Far too many shades of grey
READING: SUSAN McKAYreviews The Woman Reader by Belinda Jack Yale University Press, 329pp, £20
THE STORY OF the woman reader has, contends Belinda Jack, a certain coherence. From the beginning there has been trouble about the very notion, and anxiety has lingered. “It was this fear of women assuming greater power that caused the most unease,” she writes.
Jean-Jacques Rousseau believed that women should read, not a view universally shared by the men who ran the world in 1762. But, he said, they should cultivate their minds “to please men . . . to make their lives agreeable and gentle”. The conversation of a properly educated woman should be “pleasing but not brilliant, and thorough but not deep”.
Two hundred years later, in England, Penguin Books was prosecuted for obscenity after it published DH Lawrence’s novel Lady Chatterley’s Lover. Was this, demanded the chief prosecutor, Mervyn Griffith-Jones, the kind of book “you would wish your wife or servant to read”? Penguin prevailed, and Jack includes a fine photograph of two women reading the book in the street. Frustratingly, though, she does not contextualise Griffith-Jones’s question: the book was to be a paperback for sale at three shillings and sixpence, affordable even to women and the working class.
This, it turns out, is a fundamental problem with Jack’s ambitious book. It starts with the cave drawings of southern France, which date back to 30000 BC. It finishes with reference to journalist Christina Lamb’s 2002 book about contemporary Afghanistan, The Sewing Circles of Herat, in which Lamb describes how women set up sewing circles as a cover for talking about literature. (If caught, they could be jailed.) The Woman Reader covers all the women readers of all the kinds of writing, in all the world, through all of history, all of prehistory. All in 300 pages.
Jack describes the scene in Charlotte Brontë’s Jane Eyre in which Jane delights in having free access to her uncle’s library, though her cousin, John Reed, tries to stop her and one day takes the book she has been reading, throws it at her and causes her to fall, cutting her head. Sometimes reading The Woman Reader feels like this, with Jack as John Reed, constantly snatching away the book in which we had just begun to be engrossed, but with the added indignity that we had started to look into it with her encouragement.
There is too much from the upper-class ladies of the northern hemisphere who urged that women read only what was instructive. Hardly any poetry. Very little on magazines. Jane Austen’s great defence of the novel from Northanger Abbey (“the most thorough knowledge of human nature . . . in the best chosen language”) is missing.
However, WH Auden’s Letter to Lord Byron about Austen is tellingly quoted – “You could not shock her more than she shocks me; / Beside her Joyce seems innocent as grass” – as is George Eliot’s “delightfully forthright” denunciation of “feminine fatuity” displayed in the “mind and millinery species” of novel. No discussion of chick lit.
Feminists in search of heroines will not wish to make much of the revelation that, although Thomas Bowdler claimed it was he who cleaned up Shakespeare for family reading in 1807, it was actually his sister, Henrietta, who had done so. Jack finds no time to mention the revolutionary contribution of the feminist presses of the late 20th century, when Virago reintroduced so many neglected classics.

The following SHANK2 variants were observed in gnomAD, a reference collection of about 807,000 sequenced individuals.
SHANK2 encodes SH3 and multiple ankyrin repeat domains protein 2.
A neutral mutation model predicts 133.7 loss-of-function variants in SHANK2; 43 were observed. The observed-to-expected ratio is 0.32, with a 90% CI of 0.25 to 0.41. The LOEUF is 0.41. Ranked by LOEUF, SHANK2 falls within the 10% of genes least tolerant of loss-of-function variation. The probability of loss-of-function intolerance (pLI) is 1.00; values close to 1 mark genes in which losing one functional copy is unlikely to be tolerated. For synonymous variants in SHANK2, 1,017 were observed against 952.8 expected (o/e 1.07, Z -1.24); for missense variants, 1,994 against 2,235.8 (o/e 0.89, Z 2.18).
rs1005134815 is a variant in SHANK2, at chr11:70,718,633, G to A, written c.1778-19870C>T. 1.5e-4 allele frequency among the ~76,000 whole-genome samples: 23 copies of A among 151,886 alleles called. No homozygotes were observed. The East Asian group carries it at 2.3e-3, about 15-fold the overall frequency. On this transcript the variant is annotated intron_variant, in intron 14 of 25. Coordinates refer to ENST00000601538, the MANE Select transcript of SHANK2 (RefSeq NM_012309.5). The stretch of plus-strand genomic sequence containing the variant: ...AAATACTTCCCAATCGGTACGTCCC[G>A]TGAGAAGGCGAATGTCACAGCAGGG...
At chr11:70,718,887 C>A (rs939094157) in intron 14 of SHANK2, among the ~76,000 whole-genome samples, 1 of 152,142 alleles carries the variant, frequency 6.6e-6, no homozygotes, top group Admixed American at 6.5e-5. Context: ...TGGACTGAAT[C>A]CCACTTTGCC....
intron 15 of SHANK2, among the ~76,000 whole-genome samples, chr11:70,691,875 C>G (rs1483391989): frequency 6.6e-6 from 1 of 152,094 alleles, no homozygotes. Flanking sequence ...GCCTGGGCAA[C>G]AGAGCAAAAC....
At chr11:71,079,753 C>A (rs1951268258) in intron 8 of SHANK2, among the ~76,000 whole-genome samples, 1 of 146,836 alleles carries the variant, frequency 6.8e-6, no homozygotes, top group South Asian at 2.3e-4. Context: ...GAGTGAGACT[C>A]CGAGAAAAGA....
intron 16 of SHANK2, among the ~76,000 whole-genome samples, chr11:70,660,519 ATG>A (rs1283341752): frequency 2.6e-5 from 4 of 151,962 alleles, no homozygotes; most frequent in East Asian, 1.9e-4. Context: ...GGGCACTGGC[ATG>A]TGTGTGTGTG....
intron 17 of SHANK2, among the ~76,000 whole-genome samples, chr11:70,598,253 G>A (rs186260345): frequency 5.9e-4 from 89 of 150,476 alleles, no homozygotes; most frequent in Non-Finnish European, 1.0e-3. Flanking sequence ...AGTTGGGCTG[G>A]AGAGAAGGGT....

Still. It is fascinating to know that in Mesopotamia in 1550 BC, 14 out of 185 official scribes were women. That in the sixth century women were excluded from the caste of priests trained to interpret the scriptures after written and spoken Latin diverged. That there were notable female monasteries in medieval Ireland, where women such as St Darerca were influential educators. That there is a “long-lost tradition” of Muslim women teaching the Koran and making Islamic law as jurists. That Stalin brought female literacy in the Soviet Union up from 18 per cent to 82 per cent. That Unesco estimates that, by 2015, a fifth of the world population will still be illiterate and that two out of three of these people will be women.
There are marvellous quotations from a dazzling range of sources. Christine de Pizan, born in Italy in the 14th century, wonders “why on earth it was that so many men . . . have said and continue to say and write such awful, damning things about women . . . unanimous in their view that female nature is wholly given up to vice”. The notion that reading would lead women into depravity, not to mention “sexual self-sufficiency”, is brilliantly illustrated: one image is of an 18th-century painting of a young lady sprawled on an armchair in her boudoir. A book lies open beside her as her right hand delves under her skirt.
It is a shame that the illustrations could not be in colour, but they are wonderful: Michelangelo’s muscular Erythraean Sibyl; the Blessed Virgin keeping her place with her finger in her book while the Angel Gabriel delivers his news; a slave girl reading (illegally) outside her hut in the US; a woman on a park bench absorbed in a suffragette newsletter; Gwen John’s lovely painting The Precious Book.
Jack is an Oxford academic and the author of well-regarded biographies of George Sand and Beatrice Cenci. She is erudite and has carried out extraordinary research. Yet the vast scope of her project means that she is constantly having to hurry along, scattering flustered one-liners in her wake. Sadly, a great scholar has, perforce, produced a superficial book.
Susan McKay is a journalist. Her most recent book, Bear in Mind These Dead, a study of the aftermath of the conflict in Northern Ireland for those bereaved, was published by Faber and Faber in 2007